Picture from here.
In his last column Prabhu has touched on a very interesting topic – the indifference of Indian scientists and academia towards the innovations made by Jai Prakash Singh in the field of agriculture. Jai Prakash Singh who started off by focussing on developing higher yielding varities of wheat and paddy has developed an expertise in being able to identify those strains which are not only high-yielding but are also pest-resistant. He has since developed other strains of several other plants.
The column quotes Singh as saying “Our innovations could help inform scientific research, if only scientists take time to invest proper resources into exploring them. But sadly, neither the scientists nor the Government respond as enthusiastically as they should, because they are often sceptical about the value of traditional knowledge,”
The reason for this lack of research on TK, as explained by the column, is “because peer pressure often forces scientists to focus on high-impact research with wide visibility, and even students shy away from work that does not guarantee them a successful career.” The challenge therefore is to incentivize the process for scientists and students at agricultural universities.
In an earlier column of his Prabhu documents the story of Dadaji Ramaji Khobragade who developed some highly successful strains of paddy. Unfortunately for this innovator several local companies commercialized his innovations without sharing the benfits with him. The column quotes the innovator as stating that“The benefits of my research were usurped by private seed companies who made money allegedly with the help of some scientists working in an agricultural university,”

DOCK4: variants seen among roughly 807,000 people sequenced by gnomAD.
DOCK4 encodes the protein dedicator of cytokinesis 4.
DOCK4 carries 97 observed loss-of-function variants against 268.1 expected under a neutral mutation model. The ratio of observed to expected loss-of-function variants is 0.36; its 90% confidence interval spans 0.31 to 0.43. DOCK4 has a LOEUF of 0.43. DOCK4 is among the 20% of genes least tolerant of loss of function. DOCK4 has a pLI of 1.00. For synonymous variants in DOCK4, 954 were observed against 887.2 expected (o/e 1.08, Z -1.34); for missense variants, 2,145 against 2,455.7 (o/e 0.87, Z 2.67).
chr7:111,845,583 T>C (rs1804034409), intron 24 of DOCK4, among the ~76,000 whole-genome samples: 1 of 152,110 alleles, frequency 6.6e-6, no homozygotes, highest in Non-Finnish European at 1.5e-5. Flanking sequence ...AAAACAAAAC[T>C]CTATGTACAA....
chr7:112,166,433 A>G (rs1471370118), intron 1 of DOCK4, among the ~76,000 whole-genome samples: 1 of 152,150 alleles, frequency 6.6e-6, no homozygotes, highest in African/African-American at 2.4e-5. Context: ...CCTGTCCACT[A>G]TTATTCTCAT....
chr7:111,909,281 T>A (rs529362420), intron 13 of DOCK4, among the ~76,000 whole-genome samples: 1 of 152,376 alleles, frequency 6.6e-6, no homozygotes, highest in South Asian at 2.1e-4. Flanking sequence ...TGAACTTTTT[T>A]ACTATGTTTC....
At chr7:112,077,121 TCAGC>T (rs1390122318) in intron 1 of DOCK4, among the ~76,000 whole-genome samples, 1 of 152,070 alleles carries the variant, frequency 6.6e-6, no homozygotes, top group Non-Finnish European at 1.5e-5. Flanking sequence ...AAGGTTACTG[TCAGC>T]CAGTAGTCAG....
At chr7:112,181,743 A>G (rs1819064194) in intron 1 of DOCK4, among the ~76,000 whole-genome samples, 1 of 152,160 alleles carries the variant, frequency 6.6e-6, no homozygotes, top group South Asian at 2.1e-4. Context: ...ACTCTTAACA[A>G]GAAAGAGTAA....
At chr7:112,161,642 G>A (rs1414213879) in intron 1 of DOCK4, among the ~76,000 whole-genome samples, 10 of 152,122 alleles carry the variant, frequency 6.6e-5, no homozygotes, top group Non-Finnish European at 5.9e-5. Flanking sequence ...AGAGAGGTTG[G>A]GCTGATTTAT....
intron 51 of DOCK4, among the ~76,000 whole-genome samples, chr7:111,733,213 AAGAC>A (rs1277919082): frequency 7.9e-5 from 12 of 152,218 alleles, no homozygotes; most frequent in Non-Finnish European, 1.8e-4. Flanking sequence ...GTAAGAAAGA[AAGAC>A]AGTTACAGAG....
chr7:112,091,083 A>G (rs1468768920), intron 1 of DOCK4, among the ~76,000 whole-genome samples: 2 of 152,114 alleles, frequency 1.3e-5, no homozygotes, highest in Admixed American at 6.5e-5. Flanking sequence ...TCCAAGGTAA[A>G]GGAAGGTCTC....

Theoretically speaking India has all the laws in place to protect such innovations, especially the Plant Varieties Protection Act. In reality however it is a moot question as to whether small farmers will have access to the infrastructure required to protect their innovations.
It is rather ironic that there is such scant attention paid towards Traditional Knowledge in a country which is whipped into a murderous patriotic fervour everytime basmati or neem or turmeric are in the danger of being patented in the E.U. or the U.S..